Anyway, we had one of those big, clunky, round fire pits and we were all huddled around it to try to stay warm. Everyone agreed that it wasn’t very good. Someone was griping about how messy it was and how awkward it was to tie down on the raft. I mentioned that I could make a much better one.
Of course, another guide dared me to prove it. I said the whole thing will fit inside of a 50cal ammo can. Everyone thought that was a cool idea but no one had a whole lot of faith that I could pull it off.
After the trip, I went home and built seven prototypes in the next 72 hours. I used all sorts of materials and tried a lot of different techniques.
In the end, a simple steel pipe and an unaltered ammo can made for the best fire. I tried everything. Air mixers, copper pipes, cast-iron burners, you name it. The simple steel pipe with a specially configured burner configuration made a big yellow flame that really mimicked a Campfire.
I feel like I made something that was as close as I could get to the real thing and that came in a very slick, portable, and cool package. It turned out that no one had ever brought something like this to market so I went for it!
2. What issues did you see with the traditional river-friendly firepans that you wanted to change?
Not to state the obvious, but wood-burning fires are going away fast. And that may be ok. They create an enormous amount of pollution and are clearly dangerous in the west.
I LOVE a real campfire and hope we can have them occasionally but I'm also ok with having a safer, cleaner alternative.
Some current fire pans are brilliant designs. I love my Pop-up pit. I just think we won't be able to have fires in the summer months for much longer so I made something that would always work.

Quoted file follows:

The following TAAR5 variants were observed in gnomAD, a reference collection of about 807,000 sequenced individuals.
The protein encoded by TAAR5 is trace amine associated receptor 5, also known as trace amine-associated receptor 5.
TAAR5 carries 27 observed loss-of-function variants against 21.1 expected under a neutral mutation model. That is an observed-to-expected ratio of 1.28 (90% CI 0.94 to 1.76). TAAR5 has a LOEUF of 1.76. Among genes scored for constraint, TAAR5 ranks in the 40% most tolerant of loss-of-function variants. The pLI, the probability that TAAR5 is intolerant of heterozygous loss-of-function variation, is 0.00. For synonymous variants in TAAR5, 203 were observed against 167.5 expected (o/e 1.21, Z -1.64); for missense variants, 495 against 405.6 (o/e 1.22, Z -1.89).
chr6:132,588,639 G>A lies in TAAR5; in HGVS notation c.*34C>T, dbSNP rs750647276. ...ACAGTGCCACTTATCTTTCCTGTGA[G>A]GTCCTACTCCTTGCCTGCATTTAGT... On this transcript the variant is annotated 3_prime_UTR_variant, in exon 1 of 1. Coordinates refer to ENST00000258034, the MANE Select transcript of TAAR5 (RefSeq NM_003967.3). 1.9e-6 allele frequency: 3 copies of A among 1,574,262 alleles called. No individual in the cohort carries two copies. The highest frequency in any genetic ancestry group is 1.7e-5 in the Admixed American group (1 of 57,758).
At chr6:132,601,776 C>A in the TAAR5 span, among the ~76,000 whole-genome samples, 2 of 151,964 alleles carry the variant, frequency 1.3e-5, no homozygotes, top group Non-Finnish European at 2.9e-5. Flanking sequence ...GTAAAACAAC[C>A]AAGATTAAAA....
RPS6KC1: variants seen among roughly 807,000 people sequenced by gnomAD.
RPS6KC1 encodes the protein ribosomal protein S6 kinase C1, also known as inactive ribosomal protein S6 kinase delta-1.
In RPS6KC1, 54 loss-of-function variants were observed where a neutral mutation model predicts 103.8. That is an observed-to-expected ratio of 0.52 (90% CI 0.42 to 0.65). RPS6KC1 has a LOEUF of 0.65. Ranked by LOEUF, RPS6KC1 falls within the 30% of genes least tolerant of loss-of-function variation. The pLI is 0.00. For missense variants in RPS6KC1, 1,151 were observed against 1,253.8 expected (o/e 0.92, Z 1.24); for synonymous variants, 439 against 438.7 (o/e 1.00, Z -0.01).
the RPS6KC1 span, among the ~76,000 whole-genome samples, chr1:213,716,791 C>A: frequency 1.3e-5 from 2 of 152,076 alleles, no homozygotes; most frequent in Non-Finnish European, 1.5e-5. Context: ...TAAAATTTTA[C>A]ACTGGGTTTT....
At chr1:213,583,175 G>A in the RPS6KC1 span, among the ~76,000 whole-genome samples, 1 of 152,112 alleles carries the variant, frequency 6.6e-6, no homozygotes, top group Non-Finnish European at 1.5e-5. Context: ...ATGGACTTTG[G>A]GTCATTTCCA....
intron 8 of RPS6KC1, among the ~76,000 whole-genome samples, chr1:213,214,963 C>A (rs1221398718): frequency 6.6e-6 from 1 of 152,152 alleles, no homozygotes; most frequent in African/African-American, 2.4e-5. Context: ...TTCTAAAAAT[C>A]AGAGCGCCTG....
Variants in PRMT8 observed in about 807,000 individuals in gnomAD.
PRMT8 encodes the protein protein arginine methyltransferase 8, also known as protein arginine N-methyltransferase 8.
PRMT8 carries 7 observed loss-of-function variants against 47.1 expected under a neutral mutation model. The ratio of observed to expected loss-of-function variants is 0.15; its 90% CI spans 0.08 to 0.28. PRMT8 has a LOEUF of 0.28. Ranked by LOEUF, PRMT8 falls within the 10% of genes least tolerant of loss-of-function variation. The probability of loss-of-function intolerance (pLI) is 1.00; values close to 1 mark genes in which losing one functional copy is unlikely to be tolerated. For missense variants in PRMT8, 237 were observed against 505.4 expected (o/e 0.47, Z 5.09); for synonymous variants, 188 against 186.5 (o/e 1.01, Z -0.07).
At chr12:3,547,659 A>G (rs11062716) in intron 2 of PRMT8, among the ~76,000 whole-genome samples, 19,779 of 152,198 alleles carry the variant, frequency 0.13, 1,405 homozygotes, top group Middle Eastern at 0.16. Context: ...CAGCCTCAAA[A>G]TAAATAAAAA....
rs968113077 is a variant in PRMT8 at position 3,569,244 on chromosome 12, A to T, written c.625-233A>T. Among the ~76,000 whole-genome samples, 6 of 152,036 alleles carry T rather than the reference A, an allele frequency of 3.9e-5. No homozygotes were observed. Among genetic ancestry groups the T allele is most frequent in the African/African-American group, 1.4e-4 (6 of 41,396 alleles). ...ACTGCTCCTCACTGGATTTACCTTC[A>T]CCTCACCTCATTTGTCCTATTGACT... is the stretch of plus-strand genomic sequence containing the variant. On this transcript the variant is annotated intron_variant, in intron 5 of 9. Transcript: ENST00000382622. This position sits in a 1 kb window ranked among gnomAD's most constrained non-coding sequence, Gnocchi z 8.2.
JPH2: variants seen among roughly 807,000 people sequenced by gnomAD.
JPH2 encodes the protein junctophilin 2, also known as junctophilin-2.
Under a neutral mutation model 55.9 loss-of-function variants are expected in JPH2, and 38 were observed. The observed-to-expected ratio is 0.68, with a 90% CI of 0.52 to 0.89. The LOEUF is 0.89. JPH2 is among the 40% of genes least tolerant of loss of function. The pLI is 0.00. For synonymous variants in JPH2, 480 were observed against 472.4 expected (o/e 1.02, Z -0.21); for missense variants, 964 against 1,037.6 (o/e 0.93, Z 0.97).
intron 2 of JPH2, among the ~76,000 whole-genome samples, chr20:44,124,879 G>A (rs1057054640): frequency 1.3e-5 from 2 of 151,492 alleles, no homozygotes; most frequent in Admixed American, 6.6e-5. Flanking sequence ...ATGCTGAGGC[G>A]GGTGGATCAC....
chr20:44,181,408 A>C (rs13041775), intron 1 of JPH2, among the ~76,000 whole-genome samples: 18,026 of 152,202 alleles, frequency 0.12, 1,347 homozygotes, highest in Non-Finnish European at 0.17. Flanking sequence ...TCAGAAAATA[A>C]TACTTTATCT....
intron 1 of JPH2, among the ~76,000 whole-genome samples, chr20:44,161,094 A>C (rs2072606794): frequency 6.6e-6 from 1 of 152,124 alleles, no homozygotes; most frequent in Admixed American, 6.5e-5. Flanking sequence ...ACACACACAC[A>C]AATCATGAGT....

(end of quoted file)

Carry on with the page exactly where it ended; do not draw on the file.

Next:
3. Tell us about your history with the outdoors
I have worked in the [outdoor] industry in some capacity since I was 15. I started out as a counselor at a Boy Scout camp in Virginia.
From there, I tried my hand at racing snowboards and expedition work including caving cartography work in Borneo with National Geographic.
I've guided rafts/climbing/caving in six states and have taught whitewater kayaking for the last 15 years or so. I was the Program Director for the National Sports Center for the Disabled right before I went full-time with LavaBox.
4. What makes Lavabox better than other fire pan options?
The FIRE!! Our burner produces double the fire with half the footprint of any other pit on the market.
Our small size really makes us different. The LavaBox is super portable and still blows the big round pits away with fire output.
5. It's no secret that longer fire bans have impacted what can and can't be brought on river trips...how does Lavabox address this?
The LavaBox conforms to all Stage Two fire restrictions. It has an ON/OFF switch and is enclosed making it the safest on the market. We have also developed a stand that lifts the LavaBox off the ground meeting LNT [Leave No Trace] and National Park requirements.
6. Besides river trips, where do you see Lavaboxes being used?
Oh man, they are used everywhere. Camping, RV, Vanlife, Tailgates, Overlanding, patios, and apartments. Everywhere! Their small size and big fire appeal to a very wide range of folks.
You’re right Ian we have had fire for over 1000 years and it’s hard to beat burning wood. But just in case you’ve been living under a rock we now have fire bands. So if you would like to have a fire anytime after May June 15th in the Rocky Mountains you’re probably gonna need a propane fire. We have a lava box we use once the band hits and we love it! It keeps the party going. and it’s pretty efficient When it comes to propane fires. most that I’ve used in the past have to be cranked up all the way in order to get any type of flame that compares to wood. But with a lava box you can have relatively tall flames even on low. And really tall flames on high.
We’ve had fire for 1,000’s of years; now it cost $300 plus propane? Shame shame, I know your name.